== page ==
Example of a UiPath Flowchart
Flowcharts vs Sequences in UiPath
If you’re a tried and true RPA programmer, you’ll likely spend most of your time creating sequences. But as this UiPath Flowchart example will demonstrate, you will see that there’s a valid alternative if you want a graphical way to design your RPA workflow.
UiPath Flowchart Tutorial
I’d like to show you how to do iterative and conditional logic in UI path studio. Using a flow chart. So to start off, I’m going to create a brand new process. I’m going to call it the UI path, low chart example, click create only the description blank for now. And once this project opens up, I’m going to make sure that the project tab is selected.
And then on the project UI path flow chart example, I’m going to add. A new flow chart, Ella, call it my flow chart. Nothing too interesting. They’re creative with the name, but you see a new flow chart displays. I’m going to do a little bit of organizing in March. UI path studio environment, just because I want a lot of space here to demonstrate how a flow chart works.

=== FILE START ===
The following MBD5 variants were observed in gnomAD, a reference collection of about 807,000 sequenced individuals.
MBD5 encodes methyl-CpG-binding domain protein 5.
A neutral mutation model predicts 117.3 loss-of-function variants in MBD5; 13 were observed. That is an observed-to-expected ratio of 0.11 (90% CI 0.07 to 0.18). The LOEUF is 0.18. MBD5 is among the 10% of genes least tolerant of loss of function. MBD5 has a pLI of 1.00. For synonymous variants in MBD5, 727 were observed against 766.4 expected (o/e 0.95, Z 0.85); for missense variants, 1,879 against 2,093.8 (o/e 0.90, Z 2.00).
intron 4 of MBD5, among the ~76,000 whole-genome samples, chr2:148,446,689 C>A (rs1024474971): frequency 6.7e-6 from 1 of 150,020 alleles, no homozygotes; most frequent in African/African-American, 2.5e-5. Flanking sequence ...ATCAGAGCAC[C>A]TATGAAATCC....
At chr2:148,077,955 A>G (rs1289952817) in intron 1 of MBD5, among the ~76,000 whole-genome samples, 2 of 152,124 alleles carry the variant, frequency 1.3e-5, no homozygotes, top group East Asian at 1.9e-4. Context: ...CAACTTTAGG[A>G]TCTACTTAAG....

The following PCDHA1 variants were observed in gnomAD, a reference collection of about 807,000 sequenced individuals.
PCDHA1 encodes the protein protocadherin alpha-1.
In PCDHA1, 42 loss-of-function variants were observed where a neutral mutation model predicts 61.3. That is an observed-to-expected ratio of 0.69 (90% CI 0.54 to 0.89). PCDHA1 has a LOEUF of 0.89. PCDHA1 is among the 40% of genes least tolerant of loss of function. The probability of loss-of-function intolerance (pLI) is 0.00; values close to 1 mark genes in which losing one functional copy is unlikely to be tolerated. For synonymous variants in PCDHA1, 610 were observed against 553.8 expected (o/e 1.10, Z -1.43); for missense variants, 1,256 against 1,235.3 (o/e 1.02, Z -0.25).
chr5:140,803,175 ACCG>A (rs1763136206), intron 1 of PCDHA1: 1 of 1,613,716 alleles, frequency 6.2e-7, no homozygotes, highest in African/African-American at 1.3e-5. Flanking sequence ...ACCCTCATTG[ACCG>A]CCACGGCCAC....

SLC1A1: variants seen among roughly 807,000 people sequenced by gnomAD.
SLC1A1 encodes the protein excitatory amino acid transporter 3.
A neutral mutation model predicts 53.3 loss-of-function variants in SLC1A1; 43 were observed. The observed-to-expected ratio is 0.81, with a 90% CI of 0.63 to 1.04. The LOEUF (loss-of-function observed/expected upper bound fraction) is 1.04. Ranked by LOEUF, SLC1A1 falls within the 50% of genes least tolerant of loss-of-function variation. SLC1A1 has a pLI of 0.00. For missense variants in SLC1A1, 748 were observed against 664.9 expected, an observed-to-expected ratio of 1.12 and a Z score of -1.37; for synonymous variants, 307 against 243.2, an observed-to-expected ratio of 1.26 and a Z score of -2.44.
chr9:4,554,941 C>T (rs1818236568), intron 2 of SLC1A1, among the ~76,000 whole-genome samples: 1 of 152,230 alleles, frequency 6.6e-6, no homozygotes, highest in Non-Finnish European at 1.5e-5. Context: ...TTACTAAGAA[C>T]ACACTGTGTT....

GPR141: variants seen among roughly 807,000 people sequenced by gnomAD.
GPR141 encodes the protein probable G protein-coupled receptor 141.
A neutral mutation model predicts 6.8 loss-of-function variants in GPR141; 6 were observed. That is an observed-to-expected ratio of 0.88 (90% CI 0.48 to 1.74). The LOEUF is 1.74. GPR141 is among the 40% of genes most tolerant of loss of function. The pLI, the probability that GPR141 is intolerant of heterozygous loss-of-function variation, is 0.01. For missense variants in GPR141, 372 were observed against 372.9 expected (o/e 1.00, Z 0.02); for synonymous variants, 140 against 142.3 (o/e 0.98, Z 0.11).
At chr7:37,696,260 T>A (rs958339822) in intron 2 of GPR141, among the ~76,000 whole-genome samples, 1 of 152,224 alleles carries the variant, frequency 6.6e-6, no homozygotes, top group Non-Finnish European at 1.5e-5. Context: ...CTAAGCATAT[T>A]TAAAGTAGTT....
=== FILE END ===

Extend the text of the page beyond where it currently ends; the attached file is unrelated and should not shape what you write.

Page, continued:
You can see we’ve got a little start icon here. Everything starts in a UI path flow chart with that start button there. And what I’d like to do here is I’d like to create a little number guessing game. You got to guess a number between one. And a hundred. So starting off, the first thing we’re going to need is a variable of type into 32.
That’ll represent the magic number. So I’ll click on the UI path, studio activities tab, and pull over and assign activity. And I’m also going to drop it onto that bottom arrow there of the start. Boom. And you see this line gets created saying, we’re going to start. And then the first thing we’re gonna do is create a new variable, assign a new variable, a value.